The potential for conflict also exists between the substantive law and the lex arbitri. For example, the parties may agree that the law of Country A governs their contract i.e. will be the substantive law.  They may also have an expectation that the arbitration agreement will be governed by the same law, however, unless the parties have expressly provided that the laws of Country A will govern the arbitration agreement, any questions about the validity of the arbitration agreement will be governed by the law of the seat of the arbitration as a procedural matter i.e. the lex arbitri (Country B). If the substantive law and the procedural law conflict then this may have unexpected results for the parties.

In Fiona Trust, the English House of Lords held that the allegations of bribery did not invalidate the arbitration clause and that the potential invalidity of the agreement did not impact the arbitration agreement[22]. The appellants had argued that the bribery meant that they could invalidate the entire contract, including the arbitration agreement[23].  However, the House of Lords made clear that the arbitration clause had the benefit of the principle of separability under the procedural law and therefore the arbitration agreement was separable from the main agreement[24]. In this case, the procedural law trumped the substantive law as argued by the appellants.

The procedural law will also provide the basis for such support and assistance, as the tribunal may need including interim measures. Further, the procedural law has a key importance to play in relation to recognition and enforcement.  The UNCITRAL Model Law and the New York Convention both provide grounds for refusing recognition and enforcement, which refer to the law of the seat.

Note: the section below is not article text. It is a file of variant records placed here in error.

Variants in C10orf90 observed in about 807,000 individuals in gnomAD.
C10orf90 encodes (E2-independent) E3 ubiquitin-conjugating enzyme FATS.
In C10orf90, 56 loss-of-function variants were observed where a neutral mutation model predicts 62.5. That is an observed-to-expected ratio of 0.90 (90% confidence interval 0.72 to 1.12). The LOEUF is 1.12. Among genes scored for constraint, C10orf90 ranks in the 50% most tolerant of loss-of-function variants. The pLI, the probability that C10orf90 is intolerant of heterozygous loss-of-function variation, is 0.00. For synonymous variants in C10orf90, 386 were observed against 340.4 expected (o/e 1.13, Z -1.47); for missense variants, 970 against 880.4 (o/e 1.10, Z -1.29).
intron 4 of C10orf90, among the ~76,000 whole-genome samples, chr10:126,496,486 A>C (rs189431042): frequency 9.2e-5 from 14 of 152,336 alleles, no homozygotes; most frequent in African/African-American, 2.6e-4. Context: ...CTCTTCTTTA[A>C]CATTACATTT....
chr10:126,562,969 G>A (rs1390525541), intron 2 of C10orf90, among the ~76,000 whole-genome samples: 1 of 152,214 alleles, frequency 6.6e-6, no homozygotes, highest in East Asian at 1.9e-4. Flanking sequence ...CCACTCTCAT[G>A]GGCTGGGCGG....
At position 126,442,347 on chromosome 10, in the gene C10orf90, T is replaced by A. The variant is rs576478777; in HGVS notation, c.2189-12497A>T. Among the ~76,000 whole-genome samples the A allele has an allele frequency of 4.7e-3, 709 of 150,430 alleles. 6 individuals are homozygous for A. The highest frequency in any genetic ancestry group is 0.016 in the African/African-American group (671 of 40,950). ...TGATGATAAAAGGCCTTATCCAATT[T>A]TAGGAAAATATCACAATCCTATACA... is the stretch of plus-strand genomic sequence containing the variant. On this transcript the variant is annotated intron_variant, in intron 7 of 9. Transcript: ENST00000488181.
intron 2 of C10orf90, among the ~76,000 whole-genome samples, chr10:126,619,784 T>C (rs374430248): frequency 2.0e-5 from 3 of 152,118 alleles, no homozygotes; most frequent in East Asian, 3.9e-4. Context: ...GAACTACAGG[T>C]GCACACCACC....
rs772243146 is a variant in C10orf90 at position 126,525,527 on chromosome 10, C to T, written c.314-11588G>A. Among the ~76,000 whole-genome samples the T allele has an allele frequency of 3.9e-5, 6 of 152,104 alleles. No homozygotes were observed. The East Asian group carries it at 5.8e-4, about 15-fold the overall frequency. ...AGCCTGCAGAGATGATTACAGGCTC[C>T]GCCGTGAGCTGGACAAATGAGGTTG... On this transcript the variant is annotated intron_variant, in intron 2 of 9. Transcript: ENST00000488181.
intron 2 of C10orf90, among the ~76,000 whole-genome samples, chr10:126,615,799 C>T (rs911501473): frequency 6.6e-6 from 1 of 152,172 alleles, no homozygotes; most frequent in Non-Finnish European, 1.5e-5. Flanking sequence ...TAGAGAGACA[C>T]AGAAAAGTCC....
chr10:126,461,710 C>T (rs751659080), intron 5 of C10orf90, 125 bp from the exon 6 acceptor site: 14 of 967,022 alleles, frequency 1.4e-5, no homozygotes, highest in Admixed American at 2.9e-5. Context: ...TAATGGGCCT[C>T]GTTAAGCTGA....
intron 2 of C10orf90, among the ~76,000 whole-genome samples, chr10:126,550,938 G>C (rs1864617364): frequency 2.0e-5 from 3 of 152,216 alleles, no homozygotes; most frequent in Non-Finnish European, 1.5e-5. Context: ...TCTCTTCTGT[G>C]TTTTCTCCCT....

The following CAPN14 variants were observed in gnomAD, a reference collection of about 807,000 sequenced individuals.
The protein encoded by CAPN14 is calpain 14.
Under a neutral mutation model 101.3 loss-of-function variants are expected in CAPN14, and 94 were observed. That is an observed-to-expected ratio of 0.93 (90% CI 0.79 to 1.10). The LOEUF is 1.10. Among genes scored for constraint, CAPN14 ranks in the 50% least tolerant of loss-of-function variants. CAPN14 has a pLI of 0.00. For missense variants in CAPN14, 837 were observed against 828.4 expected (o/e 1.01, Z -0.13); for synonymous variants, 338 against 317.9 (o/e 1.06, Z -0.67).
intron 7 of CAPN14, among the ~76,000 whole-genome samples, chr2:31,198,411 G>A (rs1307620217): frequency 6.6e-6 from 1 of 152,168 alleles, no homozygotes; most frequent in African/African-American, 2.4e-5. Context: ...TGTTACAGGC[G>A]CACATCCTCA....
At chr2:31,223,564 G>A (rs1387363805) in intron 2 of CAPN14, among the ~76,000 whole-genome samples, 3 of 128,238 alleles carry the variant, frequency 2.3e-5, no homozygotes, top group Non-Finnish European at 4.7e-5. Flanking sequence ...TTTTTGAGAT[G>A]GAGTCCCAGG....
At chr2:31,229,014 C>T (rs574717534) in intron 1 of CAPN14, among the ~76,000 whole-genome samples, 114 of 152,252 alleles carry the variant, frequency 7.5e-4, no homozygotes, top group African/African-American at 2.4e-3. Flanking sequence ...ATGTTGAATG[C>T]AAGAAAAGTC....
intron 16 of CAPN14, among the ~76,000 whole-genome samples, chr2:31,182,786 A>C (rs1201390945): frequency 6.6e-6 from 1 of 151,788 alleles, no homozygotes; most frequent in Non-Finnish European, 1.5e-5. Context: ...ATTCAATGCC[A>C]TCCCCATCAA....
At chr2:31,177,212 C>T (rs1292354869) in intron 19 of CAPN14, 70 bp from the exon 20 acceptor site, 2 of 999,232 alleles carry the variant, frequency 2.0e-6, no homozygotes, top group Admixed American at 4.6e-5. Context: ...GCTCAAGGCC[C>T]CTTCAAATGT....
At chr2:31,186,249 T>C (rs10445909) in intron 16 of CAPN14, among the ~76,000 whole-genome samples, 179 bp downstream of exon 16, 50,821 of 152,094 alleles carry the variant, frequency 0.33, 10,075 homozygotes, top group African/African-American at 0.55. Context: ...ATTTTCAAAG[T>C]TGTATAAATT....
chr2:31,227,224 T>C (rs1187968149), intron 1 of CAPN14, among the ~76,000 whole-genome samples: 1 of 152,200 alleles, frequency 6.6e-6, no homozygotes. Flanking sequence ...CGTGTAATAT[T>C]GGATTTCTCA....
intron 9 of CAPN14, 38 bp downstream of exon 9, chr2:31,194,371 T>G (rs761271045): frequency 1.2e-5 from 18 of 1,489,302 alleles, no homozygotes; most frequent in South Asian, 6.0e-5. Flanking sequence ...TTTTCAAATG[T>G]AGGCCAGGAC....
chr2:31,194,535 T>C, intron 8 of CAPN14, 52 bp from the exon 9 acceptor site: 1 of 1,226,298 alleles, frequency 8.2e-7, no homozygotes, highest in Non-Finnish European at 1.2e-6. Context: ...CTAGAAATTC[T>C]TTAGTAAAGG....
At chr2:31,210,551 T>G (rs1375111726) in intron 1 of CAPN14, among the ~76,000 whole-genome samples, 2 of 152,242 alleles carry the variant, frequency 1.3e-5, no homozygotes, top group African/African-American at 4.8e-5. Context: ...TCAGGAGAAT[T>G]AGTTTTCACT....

Tom, Harry or Dick?

Given the importance of both the procedural law and the substantive law, parties would be wise to exercise some discretion at the time of contract formation to consider whether they want Tom, Dick or Harry.

[1] Brooke Adele Marshall, Reconsidering the Proper Law of the Contract, Vol. 13 Melbourne Journal of International Law, 2 (2012)

[2] Nigel Blackaby et al., Redfern and Hunter on International Arbitration (Oxford University Press 5th ed.), 194 (2009)

[3] per Lord Diplock, Compagnie d’Armement Maritime S.A. v Compagnie Tunisienne de Navigation S.A. [1970] 3 WLR 389, at 603

[4] Blackaby et al., supra note 2 at 217

[5] ISDA, Schedule to the 2002 Master Agreement (available at

[6] Blackaby et al., supra note 2, at 197

[7] per Lord Justice Waller, Abner Soleimany v Sion Soleimany [1983] 3 WLR 811, at para 4.

[8] UNCITRAL, UNCITRAL Model Law, Article 28

[9] Blackaby et al., supra note 2, at 231

[10] Rome Convention, Article 4 (2)

[11] Blackaby et al., supra note 2, at 232

[12] Id., at 232

[13] per Justice Steyn, Paul Smith Ltd. v H&S International Holding Inc., [1991] 2 Lloyd’s Rep. 127, at 130

[14] Blackaby et al., supra note 2, at 176

[15] Id., at 180

[16] Id., at 176

[17] per Lord Diplock, supra note 3, at 604

[18] UNCITRAL, supra note 8, Article 27

[19] Blackaby et al., supra note 2, at 192

[20] UNCITRAL, supra note 8, at Article 20

[21] Blackaby et al., supra note 2, at 180

[22] per Lord Hoffman, Premium Nafta Products Limited (20th Defendant) and others v Fili Shipping Company Limited (14th Claimant) and others, [2007] UKHL 40, para. 19

[23] Id.

[24] Id.

© Conflict Change Consulting Ltd.  2014